Put new Parks Act on hold

Is the sun about to set on the protection of Alberta’s sensitive wildlands? High-profile conservation groups fear that may be the case if the provincial government enacts Bill 29, the Alberta Parks Act. It’s a law that could open up precious, undisturbed flora and fauna, admired by many for decades, to industrial and tourist intrusion at the whim of the minister of Tourism, Parks and Recreation.

Is the sun about to set on the protection of Alberta’s sensitive wildlands?

High-profile conservation groups fear that may be the case if the provincial government enacts Bill 29, the Alberta Parks Act. It’s a law that could open up precious, undisturbed flora and fauna, admired by many for decades, to industrial and tourist intrusion at the whim of the minister of Tourism, Parks and Recreation.

The Environmental Law Centre calls the proposed act “inadequate . . . a significant step backwards” that does not ensure the ecological integrity of Alberta’s protected areas are preserved for future generations.

The government wants to lump public lands, which comprise about 60 per cent of Alberta, into two categories — provincial parks and heritage rangelands. The provincial parks category will include natural areas, wilderness areas, wildland parks, and ecological reserves — all currently protected under specific laws protecting unique characteristics.

Under one roof, new rules would apply to these priceless regions, perhaps industrial and tourist intrusions at the discretion of the government. There will be no public consultation or public hearings.

The Alberta Liberal caucus calls the exclusion of the public process an erosion of democracy.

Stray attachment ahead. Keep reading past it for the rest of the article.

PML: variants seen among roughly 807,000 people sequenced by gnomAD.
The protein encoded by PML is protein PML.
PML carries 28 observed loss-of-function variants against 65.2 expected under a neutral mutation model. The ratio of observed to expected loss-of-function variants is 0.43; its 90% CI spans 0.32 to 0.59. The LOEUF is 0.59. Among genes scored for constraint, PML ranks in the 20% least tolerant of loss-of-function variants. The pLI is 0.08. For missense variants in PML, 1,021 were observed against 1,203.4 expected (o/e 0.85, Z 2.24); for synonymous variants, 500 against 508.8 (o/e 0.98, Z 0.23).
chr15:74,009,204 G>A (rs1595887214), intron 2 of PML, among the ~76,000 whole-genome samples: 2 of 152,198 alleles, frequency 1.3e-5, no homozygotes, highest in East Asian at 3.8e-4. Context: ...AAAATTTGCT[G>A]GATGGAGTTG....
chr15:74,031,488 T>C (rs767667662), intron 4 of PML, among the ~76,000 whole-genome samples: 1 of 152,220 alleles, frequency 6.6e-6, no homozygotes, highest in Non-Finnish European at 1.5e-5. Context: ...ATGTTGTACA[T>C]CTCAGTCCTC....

A coalition fighting the bill, including the Alberta Wilderness Association, Provincial Parks Stewards Association, Canadian Parks and Wilderness Society, Federation of Alberta Naturalists and the Sierra Club, insists Alberta’s natural integrity is at stake and must take precedence over developments.

“It’s clearly been an in-house agenda . . . to pull the teeth from the current parks acts and dismantle the types of parks,” said Dianne Pachal of the Sierra Club Canada.

A letter to Tourism, Parks and Recreation Minister Cindy Ady, from the Alberta Wilderness Association, stated the proposed legislation would “substantially weaken the existing levels of protection afforded to parks and protected areas in Alberta.”

Dorothy Dickson of the Red Deer River Naturalists said in an interview: “This is really frightening because all the legal protection we had (for natural areas) will be gone.”

Liberal critics warn that the act will open up formerly protected wilderness areas to tourism and development — to ATVs, clear-cutting and strip mining, for example — at the government’s whim. The government is “declaring open season on protected wilderness areas” and will have the power behind closed doors to open up protected areas to developers “regardless of the environmental consequences,” said Liberal parks critic Harry Chase.

Sarah Elmeligi, of the Canadian Parks and Wilderness Society, Southern Alberta, adds: “Protection only through the discretion of the (government) instead of assurances in the act is what it’s looking like.”

The government has failed to communicate the law to the public.

“The ELC (Environmental Law Centre) views the current bill as inadequate to ensure that the ecological integrity of Alberta is preserved for future generations,” it said in a report. It added: Bill 29 “removes substantive provisions related to protected areas and this reflects a significant step backwards in ensuring the preservation of Alberta’s natural heritage.”

When the lawyers say the law is inadequate and backwards, it “is going to be really bad for provincial parks and the wildlife that depend on that habitat,” said the Sierra Club’s Sam Gunsch.

Advocate outdoor columnist Bob Scammell said Bill 29 “continues the trend of this government to weaken the few environmental protections that are in place and ignore the wishes of the people in favour of corporations and development.”

The act needs to be put on hold until there has been public consultation.

Rick Zemanek is an Advocate editor.